On July 30, 2012, the court issued a civil harassment restraining order requiring Peck to stay 30 feet away from Palacio's person, home, workplace, and vehicle until April 2015. Peck timely appealed.
While the appeal was pending, on February 12, 2013, the City of Palo Alto informed Peck by letter that her employment would be terminated in 90 days unless the restraining order was lifted, as it effectively barred her from working in the same office with Palacio. On April 15, 2013, Peck moved to modify the restraining order to remove the 30-foot stay away provision. The superior court denied that motion on the ground that it lacked jurisdiction to modify the order given the pending appeal.
This court denied Peck's motion to stay the restraining order pending appeal, which was filed days before her employment was set to be terminated.
A. Standard of Review
On appeal, our task is to determine (1) "whether the findings (express and implied) that support the trial court's entry of the restraining order are justified by substantial evidence in the record," (2) whether the facts are legally sufficient to constitute civil harassment under section 527.6, and (3) whether the restraining order passes constitutional muster. (R.D. v. P.M. (2011) 202 Cal.App.4th 181, 188.) In determining whether substantial evidence, contradicted or uncontradicted, supports the court's factual findings, "we draw all reasonable inferences from the evidence to support the findings and orders of the [trial] court; we review the record in the light most favorable to the court's determinations; and we note that issues of fact and credibility are the province of the trial court." (In re Heather A. (1996) 52 Cal.App.4th 183, 193.) Whether the facts, when construed in Palacio's favor, are legally sufficient to constitute civil harassment under section 527.6, and whether the restraining order passes constitutional muster, are questions of law subject to de novo review. (R.D. v. P.M., supra, at p. 188.)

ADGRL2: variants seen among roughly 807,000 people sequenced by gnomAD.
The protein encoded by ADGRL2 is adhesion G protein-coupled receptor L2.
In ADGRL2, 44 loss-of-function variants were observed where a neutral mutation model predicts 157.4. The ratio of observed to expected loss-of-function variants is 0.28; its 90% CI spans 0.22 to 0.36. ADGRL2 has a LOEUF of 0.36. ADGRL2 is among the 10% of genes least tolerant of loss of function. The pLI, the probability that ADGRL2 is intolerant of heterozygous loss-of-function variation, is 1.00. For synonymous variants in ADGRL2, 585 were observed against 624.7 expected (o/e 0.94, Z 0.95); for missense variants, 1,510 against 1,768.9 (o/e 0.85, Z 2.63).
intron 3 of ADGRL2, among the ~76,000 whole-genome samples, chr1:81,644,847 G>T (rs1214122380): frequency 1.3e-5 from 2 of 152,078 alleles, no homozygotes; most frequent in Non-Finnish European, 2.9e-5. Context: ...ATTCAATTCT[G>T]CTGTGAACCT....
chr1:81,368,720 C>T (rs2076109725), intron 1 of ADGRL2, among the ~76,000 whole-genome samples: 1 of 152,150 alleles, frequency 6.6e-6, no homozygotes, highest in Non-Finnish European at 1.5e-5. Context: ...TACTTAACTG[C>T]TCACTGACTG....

B. Substantive Law Governing Harassment Injunctions
Section 527.6, subdivision (a) provides that "[a] person who has suffered harassment as defined in subdivision (b) may seek a temporary restraining order and an injunction prohibiting harassment." Subdivision (b)(3), in turn, defines "harassment" as "unlawful violence, a credible threat of violence, or a knowing and willful course of conduct directed at a specific person that seriously alarms, annoys, or harasses the person, and that serves no legitimate purpose."